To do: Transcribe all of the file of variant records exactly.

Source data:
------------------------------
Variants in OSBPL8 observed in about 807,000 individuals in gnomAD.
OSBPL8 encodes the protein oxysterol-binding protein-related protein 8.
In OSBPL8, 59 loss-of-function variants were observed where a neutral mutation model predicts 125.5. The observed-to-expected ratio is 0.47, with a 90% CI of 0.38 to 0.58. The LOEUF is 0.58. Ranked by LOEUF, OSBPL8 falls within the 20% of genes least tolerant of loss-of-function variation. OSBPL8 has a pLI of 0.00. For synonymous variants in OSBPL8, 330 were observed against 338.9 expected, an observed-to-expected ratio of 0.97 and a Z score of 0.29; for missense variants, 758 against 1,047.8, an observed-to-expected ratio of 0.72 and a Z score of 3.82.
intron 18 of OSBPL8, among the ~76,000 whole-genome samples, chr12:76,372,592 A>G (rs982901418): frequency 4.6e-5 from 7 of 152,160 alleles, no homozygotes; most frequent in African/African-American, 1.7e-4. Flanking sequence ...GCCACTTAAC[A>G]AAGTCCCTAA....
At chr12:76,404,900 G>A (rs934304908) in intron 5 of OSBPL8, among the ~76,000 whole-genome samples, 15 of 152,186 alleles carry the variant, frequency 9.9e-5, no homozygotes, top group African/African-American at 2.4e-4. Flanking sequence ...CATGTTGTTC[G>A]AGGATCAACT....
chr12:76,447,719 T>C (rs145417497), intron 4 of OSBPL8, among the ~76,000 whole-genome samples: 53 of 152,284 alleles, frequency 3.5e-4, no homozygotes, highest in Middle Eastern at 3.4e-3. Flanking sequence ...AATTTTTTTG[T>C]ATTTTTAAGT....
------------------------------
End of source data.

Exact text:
Variants in OSBPL8 observed in about 807,000 individuals in gnomAD.
OSBPL8 encodes the protein oxysterol-binding protein-related protein 8.
In OSBPL8, 59 loss-of-function variants were observed where a neutral mutation model predicts 125.5. The observed-to-expected ratio is 0.47, with a 90% CI of 0.38 to 0.58. The LOEUF is 0.58. Ranked by LOEUF, OSBPL8 falls within the 20% of genes least tolerant of loss-of-function variation. OSBPL8 has a pLI of 0.00. For synonymous variants in OSBPL8, 330 were observed against 338.9 expected, an observed-to-expected ratio of 0.97 and a Z score of 0.29; for missense variants, 758 against 1,047.8, an observed-to-expected ratio of 0.72 and a Z score of 3.82.
intron 18 of OSBPL8, among the ~76,000 whole-genome samples, chr12:76,372,592 A>G (rs982901418): frequency 4.6e-5 from 7 of 152,160 alleles, no homozygotes; most frequent in African/African-American, 1.7e-4. Flanking sequence ...GCCACTTAAC[A>G]AAGTCCCTAA....
At chr12:76,404,900 G>A (rs934304908) in intron 5 of OSBPL8, among the ~76,000 whole-genome samples, 15 of 152,186 alleles carry the variant, frequency 9.9e-5, no homozygotes, top group African/African-American at 2.4e-4. Flanking sequence ...CATGTTGTTC[G>A]AGGATCAACT....
chr12:76,447,719 T>C (rs145417497), intron 4 of OSBPL8, among the ~76,000 whole-genome samples: 53 of 152,284 alleles, frequency 3.5e-4, no homozygotes, highest in Middle Eastern at 3.4e-3. Flanking sequence ...AATTTTTTTG[T>C]ATTTTTAAGT....